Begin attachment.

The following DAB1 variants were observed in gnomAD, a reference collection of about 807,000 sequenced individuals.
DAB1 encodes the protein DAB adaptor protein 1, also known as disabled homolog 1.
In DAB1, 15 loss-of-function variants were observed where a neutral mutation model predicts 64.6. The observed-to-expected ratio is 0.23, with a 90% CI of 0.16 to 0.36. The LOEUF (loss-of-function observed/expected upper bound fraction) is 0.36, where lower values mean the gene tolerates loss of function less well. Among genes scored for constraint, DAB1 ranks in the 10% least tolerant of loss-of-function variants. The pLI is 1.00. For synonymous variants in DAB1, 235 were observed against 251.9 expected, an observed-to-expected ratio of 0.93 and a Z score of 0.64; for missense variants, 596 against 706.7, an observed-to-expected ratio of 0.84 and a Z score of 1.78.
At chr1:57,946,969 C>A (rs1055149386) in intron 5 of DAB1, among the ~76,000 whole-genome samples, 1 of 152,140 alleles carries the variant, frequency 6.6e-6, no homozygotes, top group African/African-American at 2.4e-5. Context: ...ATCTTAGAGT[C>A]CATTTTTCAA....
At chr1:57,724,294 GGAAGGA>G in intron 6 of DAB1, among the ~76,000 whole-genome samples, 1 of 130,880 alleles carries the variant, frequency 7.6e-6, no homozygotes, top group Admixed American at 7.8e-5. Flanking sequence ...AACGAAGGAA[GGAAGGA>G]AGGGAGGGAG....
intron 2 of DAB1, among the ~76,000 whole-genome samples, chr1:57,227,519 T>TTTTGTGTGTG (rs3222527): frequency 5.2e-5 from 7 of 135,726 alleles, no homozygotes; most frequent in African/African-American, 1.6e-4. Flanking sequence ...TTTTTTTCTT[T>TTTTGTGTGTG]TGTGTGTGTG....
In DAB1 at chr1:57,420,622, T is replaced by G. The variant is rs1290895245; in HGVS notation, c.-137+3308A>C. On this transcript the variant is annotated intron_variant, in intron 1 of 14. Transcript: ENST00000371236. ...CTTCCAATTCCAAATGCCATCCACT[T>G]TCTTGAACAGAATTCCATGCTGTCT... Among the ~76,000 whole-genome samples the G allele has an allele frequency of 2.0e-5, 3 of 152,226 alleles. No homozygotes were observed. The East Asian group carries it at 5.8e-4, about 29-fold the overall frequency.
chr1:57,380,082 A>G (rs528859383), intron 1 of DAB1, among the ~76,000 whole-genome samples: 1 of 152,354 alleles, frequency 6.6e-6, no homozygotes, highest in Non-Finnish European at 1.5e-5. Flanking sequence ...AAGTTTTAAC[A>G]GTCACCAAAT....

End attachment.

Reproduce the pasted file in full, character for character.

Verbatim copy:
The following DAB1 variants were observed in gnomAD, a reference collection of about 807,000 sequenced individuals.
DAB1 encodes the protein DAB adaptor protein 1, also known as disabled homolog 1.
In DAB1, 15 loss-of-function variants were observed where a neutral mutation model predicts 64.6. The observed-to-expected ratio is 0.23, with a 90% CI of 0.16 to 0.36. The LOEUF (loss-of-function observed/expected upper bound fraction) is 0.36, where lower values mean the gene tolerates loss of function less well. Among genes scored for constraint, DAB1 ranks in the 10% least tolerant of loss-of-function variants. The pLI is 1.00. For synonymous variants in DAB1, 235 were observed against 251.9 expected, an observed-to-expected ratio of 0.93 and a Z score of 0.64; for missense variants, 596 against 706.7, an observed-to-expected ratio of 0.84 and a Z score of 1.78.
At chr1:57,946,969 C>A (rs1055149386) in intron 5 of DAB1, among the ~76,000 whole-genome samples, 1 of 152,140 alleles carries the variant, frequency 6.6e-6, no homozygotes, top group African/African-American at 2.4e-5. Context: ...ATCTTAGAGT[C>A]CATTTTTCAA....
At chr1:57,724,294 GGAAGGA>G in intron 6 of DAB1, among the ~76,000 whole-genome samples, 1 of 130,880 alleles carries the variant, frequency 7.6e-6, no homozygotes, top group Admixed American at 7.8e-5. Flanking sequence ...AACGAAGGAA[GGAAGGA>G]AGGGAGGGAG....
intron 2 of DAB1, among the ~76,000 whole-genome samples, chr1:57,227,519 T>TTTTGTGTGTG (rs3222527): frequency 5.2e-5 from 7 of 135,726 alleles, no homozygotes; most frequent in African/African-American, 1.6e-4. Flanking sequence ...TTTTTTTCTT[T>TTTTGTGTGTG]TGTGTGTGTG....
In DAB1 at chr1:57,420,622, T is replaced by G. The variant is rs1290895245; in HGVS notation, c.-137+3308A>C. On this transcript the variant is annotated intron_variant, in intron 1 of 14. Transcript: ENST00000371236. ...CTTCCAATTCCAAATGCCATCCACT[T>G]TCTTGAACAGAATTCCATGCTGTCT... Among the ~76,000 whole-genome samples the G allele has an allele frequency of 2.0e-5, 3 of 152,226 alleles. No homozygotes were observed. The East Asian group carries it at 5.8e-4, about 29-fold the overall frequency.
chr1:57,380,082 A>G (rs528859383), intron 1 of DAB1, among the ~76,000 whole-genome samples: 1 of 152,354 alleles, frequency 6.6e-6, no homozygotes, highest in Non-Finnish European at 1.5e-5. Flanking sequence ...AAGTTTTAAC[A>G]GTCACCAAAT....